WASHINGTON (DC News Now) — A 96-year-old member of the Tuskegee Airmen stopped by DC News Now and spoke about the aviation history that he had seen — and been a part of.
William Fauntroy Jr., a D.C. native, was assigned to the Tuskegee Army Airfield in July 1944 as a flight cadet. He finished basic training when he was 19 years old and learned how to fly a plane before he even took driving lessons.
Fauntroy said he knew the military was segregated, but he says reporting to training was something that has stayed with him over the years.
Fauntroy recalled going to a bus station on New York Avenue and 13th Street in D.C. with his parents for them to see him off. He met up with a D.C. policeman at that bus station.
“We had to walk to the back of the bus, where we had to sit to go into Virginia. That was my first real understanding of segregation,” Fauntroy said. “… To get on that bus and have to sit in the back of that bus and look out at my parents crying because they knew I had to go sit in the back of that bus to go to Camp Lee to serve my country — that is written on the tablets of my memory.”
Fauntroy said on his first try landing a plane solo, he “bounced all over the place. I never did land the airplane, I just kept going.”
On his second try, he landed the plane successfully. He had to land successfully on his own three times three days in a row — “that means I’ve made nine landings without killing me or anybody else.”
On the fourth day, he was tasked with flying a plane on his own for the first time.
“That day was the day when I’m flying, I’m talking to my mother. My mother’s in Washington, D.C., I’m in Tuskegee, Alabama — and she can’t hear me, but I’m talking to her,” Fauntroy said with a laugh. “I said, ‘Ma, you ought to see me. I’m flying this airplane by myself.'”
After a few months of flight training, Fauntroy was ready to go overseas, but the war had already ended.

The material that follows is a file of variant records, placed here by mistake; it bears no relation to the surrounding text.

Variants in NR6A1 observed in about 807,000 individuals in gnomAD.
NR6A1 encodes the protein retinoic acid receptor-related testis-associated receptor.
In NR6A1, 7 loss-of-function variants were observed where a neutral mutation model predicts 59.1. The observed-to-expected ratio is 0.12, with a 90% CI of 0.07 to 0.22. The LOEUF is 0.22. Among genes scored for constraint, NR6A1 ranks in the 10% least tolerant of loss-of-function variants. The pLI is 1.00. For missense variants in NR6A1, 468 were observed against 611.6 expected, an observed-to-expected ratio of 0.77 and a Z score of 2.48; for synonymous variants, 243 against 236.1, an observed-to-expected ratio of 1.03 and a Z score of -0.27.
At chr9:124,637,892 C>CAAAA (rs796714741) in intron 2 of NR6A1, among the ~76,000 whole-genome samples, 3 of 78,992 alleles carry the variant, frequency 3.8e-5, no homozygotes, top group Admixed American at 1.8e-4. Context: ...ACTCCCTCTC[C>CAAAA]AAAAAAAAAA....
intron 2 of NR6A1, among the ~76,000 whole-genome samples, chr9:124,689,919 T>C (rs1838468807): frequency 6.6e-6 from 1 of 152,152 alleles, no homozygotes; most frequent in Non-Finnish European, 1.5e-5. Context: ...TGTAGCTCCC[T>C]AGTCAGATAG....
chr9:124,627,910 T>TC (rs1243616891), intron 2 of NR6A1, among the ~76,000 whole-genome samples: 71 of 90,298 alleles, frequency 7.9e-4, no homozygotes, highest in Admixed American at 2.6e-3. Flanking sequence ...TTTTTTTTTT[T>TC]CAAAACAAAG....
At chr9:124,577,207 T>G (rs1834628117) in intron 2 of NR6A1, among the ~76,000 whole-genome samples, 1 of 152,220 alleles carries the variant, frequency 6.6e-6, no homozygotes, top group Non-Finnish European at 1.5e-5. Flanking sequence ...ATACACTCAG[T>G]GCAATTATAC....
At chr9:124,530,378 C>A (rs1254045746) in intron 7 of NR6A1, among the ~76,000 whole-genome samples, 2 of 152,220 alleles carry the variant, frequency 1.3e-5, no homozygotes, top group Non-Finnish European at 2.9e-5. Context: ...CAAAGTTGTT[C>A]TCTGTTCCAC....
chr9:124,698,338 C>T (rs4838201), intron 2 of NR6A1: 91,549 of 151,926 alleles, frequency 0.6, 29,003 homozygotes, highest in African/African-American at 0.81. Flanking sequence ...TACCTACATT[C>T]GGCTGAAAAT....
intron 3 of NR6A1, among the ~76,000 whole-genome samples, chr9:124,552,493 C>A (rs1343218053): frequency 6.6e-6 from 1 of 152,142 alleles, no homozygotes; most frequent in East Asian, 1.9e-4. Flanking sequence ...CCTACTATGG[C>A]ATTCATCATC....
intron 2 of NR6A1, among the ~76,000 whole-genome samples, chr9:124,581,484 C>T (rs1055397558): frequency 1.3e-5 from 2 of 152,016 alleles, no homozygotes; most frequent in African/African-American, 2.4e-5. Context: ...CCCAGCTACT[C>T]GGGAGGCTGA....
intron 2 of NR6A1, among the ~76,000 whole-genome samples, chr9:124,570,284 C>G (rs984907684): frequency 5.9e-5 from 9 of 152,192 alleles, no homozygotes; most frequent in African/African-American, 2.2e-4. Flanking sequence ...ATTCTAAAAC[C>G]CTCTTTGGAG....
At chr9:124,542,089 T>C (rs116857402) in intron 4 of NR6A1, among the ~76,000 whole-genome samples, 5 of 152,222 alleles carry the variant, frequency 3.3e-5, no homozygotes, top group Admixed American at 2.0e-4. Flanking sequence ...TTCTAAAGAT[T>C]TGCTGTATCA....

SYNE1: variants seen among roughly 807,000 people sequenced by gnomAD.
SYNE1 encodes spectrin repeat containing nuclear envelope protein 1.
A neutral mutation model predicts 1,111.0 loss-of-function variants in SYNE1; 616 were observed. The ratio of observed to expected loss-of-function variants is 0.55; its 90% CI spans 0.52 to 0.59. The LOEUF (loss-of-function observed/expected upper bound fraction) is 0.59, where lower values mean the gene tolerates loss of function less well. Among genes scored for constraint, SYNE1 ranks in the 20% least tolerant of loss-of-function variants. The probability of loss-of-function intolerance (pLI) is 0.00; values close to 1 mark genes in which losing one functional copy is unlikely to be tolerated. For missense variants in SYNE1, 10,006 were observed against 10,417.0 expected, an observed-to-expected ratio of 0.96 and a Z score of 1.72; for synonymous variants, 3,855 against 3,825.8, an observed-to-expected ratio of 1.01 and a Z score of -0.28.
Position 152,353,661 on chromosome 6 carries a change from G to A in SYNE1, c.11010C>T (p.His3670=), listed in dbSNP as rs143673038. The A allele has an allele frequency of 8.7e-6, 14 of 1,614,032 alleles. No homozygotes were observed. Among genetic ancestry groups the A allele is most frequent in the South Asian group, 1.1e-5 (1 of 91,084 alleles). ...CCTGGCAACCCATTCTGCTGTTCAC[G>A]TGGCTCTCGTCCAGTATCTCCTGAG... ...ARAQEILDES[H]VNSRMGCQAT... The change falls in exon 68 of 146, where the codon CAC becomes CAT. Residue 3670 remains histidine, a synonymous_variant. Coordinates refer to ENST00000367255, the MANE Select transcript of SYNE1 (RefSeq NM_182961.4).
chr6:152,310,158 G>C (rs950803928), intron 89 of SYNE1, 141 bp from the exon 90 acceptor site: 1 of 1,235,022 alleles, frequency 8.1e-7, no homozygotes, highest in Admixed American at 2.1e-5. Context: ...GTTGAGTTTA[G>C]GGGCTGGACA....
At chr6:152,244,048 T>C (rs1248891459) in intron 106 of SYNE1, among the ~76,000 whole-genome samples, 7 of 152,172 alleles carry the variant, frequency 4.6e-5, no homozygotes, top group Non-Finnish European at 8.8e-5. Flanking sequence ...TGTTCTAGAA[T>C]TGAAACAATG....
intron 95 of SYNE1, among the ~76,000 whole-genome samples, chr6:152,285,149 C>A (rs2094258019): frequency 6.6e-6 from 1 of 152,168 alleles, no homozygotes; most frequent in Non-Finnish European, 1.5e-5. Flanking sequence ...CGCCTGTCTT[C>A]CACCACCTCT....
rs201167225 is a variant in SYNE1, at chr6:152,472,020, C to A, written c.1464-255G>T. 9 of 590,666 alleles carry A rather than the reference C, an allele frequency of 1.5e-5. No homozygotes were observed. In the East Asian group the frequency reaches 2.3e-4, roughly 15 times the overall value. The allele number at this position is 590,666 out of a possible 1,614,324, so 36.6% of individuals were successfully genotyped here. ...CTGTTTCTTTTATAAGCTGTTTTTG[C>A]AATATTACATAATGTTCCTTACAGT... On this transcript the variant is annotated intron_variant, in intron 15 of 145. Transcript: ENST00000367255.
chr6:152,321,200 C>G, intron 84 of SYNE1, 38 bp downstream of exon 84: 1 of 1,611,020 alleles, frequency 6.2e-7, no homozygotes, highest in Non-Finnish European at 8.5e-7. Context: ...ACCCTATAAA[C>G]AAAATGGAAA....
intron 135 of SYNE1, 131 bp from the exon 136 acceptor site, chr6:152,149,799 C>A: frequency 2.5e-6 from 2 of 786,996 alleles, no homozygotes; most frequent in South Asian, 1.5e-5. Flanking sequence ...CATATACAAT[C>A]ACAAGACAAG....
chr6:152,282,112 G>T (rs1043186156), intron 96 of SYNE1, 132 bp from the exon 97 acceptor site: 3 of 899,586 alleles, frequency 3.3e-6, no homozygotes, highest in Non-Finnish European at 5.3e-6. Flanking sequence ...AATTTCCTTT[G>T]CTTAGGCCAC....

The Tuskegee Airmen are “the men and women who were involved in the Tuskegee Experience — the Army Air Corps program to train African Americans to fly, maintain and support combat aircraft in the 1940s,” their website said.
When asked what it means to him today to be a Tuskegee Airman, Fauntroy said, “I’m proud. God has blessed me to be a Tuskegee Airman, and it gave me an opportunity to meet people who I had no idea were available.”
Fauntroy said it was a constant struggle for Black pilots to prove themselves in a still-segregated military.
“It was a constant fight to show we had what it takes to fly in combat,” said Fauntroy, “We knew we were good enough, we just needed a chance to show what we could do.”
He said things changed when First Lady Eleanor Roosevelt flew on a plane with them — one of the biggest moments for the Tuskegee Airmen, he said.
“Mrs. Roosevelt had to fly with one of our instructors — our chief instructor, Chief Anderson, who was a civilian — to prove that negroes could fly, and when she came down, she said, ‘They can fly,’ and of course, she had influence over… President Roosevelt, and of course, that’s what at least got us into the war,” Fauntroy said.
Fauntroy was 10 weeks away from completing the final stage of flight training, but the war ended, so he never got a chance to serve overseas. He was given an option for a military discharge, and he decided to take it.
“There was no reason to stay,” said Fauntroy. “I still had not finished high school, and I needed to get my education.”
After his discharge, Fauntroy earned an engineering degree from Howard University. He was the first Black engineer hired in the D.C. public transportation industry.
“I have been blessed to accomplish a lot in my lifetime,” said Fauntroy, “but serving as a Tuskegee Airman it at the top of the list, because I met people and built relationships that have continued for several decades.”